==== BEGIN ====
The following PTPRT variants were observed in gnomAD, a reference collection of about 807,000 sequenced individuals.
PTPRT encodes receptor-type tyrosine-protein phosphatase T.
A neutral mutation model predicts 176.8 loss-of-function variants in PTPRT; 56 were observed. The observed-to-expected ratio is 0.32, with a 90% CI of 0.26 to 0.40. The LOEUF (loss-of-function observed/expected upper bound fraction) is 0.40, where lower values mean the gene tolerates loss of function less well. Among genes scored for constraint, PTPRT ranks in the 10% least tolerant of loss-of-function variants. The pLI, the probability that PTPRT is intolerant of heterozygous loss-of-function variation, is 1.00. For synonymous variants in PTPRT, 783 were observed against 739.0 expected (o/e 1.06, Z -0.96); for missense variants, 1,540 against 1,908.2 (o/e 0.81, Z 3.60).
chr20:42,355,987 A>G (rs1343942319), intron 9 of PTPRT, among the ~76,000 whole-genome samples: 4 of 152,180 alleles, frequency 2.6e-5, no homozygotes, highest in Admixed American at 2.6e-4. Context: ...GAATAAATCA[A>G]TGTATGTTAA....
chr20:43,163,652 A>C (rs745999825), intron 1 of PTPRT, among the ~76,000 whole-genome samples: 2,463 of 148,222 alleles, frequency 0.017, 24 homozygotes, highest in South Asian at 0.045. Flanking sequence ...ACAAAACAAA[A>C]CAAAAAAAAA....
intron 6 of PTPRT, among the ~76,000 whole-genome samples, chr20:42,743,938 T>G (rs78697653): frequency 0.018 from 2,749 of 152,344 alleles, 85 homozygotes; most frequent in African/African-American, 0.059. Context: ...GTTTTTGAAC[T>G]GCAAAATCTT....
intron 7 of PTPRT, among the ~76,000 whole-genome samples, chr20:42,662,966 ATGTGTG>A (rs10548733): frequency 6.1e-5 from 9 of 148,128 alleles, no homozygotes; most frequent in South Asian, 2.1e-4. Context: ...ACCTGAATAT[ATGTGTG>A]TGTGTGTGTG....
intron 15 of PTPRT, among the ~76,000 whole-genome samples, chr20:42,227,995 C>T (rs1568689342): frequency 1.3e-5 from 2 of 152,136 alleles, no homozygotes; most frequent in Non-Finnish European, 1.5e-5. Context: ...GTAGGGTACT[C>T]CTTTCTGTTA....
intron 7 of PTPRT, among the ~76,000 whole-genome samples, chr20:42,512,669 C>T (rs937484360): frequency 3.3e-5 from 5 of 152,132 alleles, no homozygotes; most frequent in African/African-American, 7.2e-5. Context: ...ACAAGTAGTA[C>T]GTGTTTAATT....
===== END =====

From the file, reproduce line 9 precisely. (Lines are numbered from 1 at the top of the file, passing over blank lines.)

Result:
intron 7 of PTPRT, among the ~76,000 whole-genome samples, chr20:42,512,669 C>T (rs937484360): frequency 3.3e-5 from 5 of 152,132 alleles, no homozygotes; most frequent in African/African-American, 7.2e-5. Context: ...ACAAGTAGTA[C>T]GTGTTTAATT....